[ ree-kuh n-struhkt ]
/ ˌri kənˈstrʌkt /

verb (used with object)

to construct again; rebuild; make over.
to re-create in the mind from given or available information: to reconstruct the events of the murder.
Historical Linguistics. to arrive at (hypothetical earlier forms of words, phonemic systems, etc.) by comparison of data from a later language or group of related languages.

Nearby words

  1. reconsider,
  2. reconsideration,
  3. reconsignment,
  4. reconstitute,
  5. reconstituted,
  6. reconstruction,
  7. reconstruction acts,
  8. reconstructionism,
  9. reconstructionist,
  10. reconstructive

Origin of reconstruct

First recorded in 1760–70; re- + construct

Related formsre·con·struct·i·ble, adjectivere·con·struc·tor, re·con·struct·er, noun Unabridged Based on the Random House Unabridged Dictionary, © Random House, Inc. 2019

Examples from the Web for reconstruct

British Dictionary definitions for reconstruct


/ (ˌriːkənˈstrʌkt) /

verb (tr)

to construct or form again; rebuildto reconstruct a Greek vase from fragments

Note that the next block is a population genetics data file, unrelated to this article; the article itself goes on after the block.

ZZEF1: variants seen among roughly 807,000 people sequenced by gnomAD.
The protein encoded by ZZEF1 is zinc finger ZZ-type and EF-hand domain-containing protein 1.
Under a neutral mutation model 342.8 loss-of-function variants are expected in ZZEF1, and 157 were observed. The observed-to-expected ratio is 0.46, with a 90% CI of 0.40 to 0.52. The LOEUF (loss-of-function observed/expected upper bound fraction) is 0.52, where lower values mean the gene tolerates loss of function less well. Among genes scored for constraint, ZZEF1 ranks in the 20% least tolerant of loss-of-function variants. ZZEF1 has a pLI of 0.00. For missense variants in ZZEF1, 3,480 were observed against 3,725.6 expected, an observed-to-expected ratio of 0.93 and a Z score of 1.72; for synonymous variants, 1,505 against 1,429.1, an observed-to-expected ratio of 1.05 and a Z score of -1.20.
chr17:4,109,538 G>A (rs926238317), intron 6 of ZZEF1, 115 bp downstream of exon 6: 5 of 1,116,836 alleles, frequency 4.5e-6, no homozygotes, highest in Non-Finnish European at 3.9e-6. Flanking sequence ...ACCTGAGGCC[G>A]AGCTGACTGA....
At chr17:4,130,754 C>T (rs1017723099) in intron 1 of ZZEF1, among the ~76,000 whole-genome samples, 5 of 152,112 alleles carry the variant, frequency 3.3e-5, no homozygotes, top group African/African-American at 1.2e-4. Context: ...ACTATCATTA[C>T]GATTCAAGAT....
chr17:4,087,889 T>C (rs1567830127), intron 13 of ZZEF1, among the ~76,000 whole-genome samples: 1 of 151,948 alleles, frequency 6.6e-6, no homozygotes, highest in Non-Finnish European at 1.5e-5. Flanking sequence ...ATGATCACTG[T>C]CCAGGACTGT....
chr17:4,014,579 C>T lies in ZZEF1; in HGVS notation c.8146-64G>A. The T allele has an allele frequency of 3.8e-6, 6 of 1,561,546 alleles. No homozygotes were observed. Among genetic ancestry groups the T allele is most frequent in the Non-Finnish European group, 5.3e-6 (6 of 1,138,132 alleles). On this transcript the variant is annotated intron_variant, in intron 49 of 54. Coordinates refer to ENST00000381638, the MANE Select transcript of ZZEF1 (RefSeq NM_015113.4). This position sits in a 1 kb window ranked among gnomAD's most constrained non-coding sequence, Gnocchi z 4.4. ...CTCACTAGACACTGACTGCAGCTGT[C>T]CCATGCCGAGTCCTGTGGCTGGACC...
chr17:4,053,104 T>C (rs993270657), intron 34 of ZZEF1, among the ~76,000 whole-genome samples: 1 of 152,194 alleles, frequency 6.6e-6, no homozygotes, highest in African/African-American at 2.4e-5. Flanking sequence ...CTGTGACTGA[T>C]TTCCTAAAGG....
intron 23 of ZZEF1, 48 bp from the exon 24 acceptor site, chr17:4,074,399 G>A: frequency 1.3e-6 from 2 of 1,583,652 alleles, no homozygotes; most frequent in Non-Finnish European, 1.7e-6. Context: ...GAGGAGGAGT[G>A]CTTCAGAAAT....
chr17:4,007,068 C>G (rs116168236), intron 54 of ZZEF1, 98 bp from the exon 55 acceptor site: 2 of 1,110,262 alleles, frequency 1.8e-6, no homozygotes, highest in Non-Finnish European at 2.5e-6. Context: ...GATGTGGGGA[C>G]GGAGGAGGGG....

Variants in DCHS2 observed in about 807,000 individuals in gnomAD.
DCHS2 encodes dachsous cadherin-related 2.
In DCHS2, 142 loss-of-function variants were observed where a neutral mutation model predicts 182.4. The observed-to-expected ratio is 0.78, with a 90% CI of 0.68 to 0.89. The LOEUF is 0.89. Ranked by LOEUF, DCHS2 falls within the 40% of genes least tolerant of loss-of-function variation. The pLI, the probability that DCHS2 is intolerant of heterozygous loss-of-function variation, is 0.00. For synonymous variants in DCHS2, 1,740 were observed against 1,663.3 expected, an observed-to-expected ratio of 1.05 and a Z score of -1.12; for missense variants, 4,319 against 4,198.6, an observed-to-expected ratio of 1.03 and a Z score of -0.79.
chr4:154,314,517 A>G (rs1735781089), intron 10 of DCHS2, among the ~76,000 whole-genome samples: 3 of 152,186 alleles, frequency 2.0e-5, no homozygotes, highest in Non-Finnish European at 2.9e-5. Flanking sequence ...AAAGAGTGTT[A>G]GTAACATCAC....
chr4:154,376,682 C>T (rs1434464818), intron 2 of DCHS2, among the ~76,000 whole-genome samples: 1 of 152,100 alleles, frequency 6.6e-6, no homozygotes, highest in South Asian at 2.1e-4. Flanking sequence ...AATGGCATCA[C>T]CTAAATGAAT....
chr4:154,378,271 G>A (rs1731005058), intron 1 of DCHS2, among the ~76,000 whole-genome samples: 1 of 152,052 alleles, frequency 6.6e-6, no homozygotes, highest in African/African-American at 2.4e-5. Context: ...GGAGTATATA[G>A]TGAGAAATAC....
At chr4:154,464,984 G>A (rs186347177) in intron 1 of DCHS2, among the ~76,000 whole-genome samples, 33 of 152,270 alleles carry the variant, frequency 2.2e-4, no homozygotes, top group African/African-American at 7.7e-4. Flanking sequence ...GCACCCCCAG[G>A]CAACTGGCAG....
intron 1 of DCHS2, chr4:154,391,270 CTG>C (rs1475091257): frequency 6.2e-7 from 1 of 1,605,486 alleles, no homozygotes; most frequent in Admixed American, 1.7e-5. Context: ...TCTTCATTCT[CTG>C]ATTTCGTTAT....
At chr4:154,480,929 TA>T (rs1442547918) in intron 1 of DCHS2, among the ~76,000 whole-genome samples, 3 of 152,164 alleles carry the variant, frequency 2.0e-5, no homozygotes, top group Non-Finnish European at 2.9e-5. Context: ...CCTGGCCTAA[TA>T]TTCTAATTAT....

to form a picture of (a crime, past event, etc) by piecing together evidence or acting out a version of what might have taken place
Derived Formsreconstructible, adjectivereconstruction, nounreconstructive or reconstructional, adjectivereconstructor, noun

Collins English Dictionary - Complete & Unabridged 2012 Digital Edition © William Collins Sons & Co. Ltd. 1979, 1986 © HarperCollins Publishers 1998, 2000, 2003, 2005, 2006, 2007, 2009, 2012

Word Origin and History for reconstruct



1768, "to build anew," from re- "back, again" + construct (v.). Meaning "to restore (something) mentally" is attested from 1862. Related: Reconstructed; reconstructing.

Online Etymology Dictionary, © 2010 Douglas Harper